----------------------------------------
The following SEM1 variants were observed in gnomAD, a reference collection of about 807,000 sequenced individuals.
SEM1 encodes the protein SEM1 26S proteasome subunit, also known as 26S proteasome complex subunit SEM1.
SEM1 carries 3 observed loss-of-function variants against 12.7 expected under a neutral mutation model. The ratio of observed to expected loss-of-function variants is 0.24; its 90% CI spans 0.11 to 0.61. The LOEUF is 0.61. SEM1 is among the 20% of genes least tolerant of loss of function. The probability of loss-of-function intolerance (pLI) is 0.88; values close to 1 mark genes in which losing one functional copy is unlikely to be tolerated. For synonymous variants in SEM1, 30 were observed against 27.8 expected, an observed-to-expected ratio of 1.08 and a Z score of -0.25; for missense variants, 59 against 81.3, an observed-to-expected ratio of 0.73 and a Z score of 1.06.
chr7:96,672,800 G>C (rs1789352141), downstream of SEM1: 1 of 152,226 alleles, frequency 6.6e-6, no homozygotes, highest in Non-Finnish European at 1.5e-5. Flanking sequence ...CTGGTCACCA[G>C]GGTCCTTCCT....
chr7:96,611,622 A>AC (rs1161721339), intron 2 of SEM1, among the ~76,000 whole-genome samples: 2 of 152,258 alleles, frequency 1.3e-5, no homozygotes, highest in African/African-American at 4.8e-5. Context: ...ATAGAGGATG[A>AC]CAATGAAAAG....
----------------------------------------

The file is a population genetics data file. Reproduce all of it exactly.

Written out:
The following SEM1 variants were observed in gnomAD, a reference collection of about 807,000 sequenced individuals.
SEM1 encodes the protein SEM1 26S proteasome subunit, also known as 26S proteasome complex subunit SEM1.
SEM1 carries 3 observed loss-of-function variants against 12.7 expected under a neutral mutation model. The ratio of observed to expected loss-of-function variants is 0.24; its 90% CI spans 0.11 to 0.61. The LOEUF is 0.61. SEM1 is among the 20% of genes least tolerant of loss of function. The probability of loss-of-function intolerance (pLI) is 0.88; values close to 1 mark genes in which losing one functional copy is unlikely to be tolerated. For synonymous variants in SEM1, 30 were observed against 27.8 expected, an observed-to-expected ratio of 1.08 and a Z score of -0.25; for missense variants, 59 against 81.3, an observed-to-expected ratio of 0.73 and a Z score of 1.06.
chr7:96,672,800 G>C (rs1789352141), downstream of SEM1: 1 of 152,226 alleles, frequency 6.6e-6, no homozygotes, highest in Non-Finnish European at 1.5e-5. Flanking sequence ...CTGGTCACCA[G>C]GGTCCTTCCT....
chr7:96,611,622 A>AC (rs1161721339), intron 2 of SEM1, among the ~76,000 whole-genome samples: 2 of 152,258 alleles, frequency 1.3e-5, no homozygotes, highest in African/African-American at 4.8e-5. Context: ...ATAGAGGATG[A>AC]CAATGAAAAG....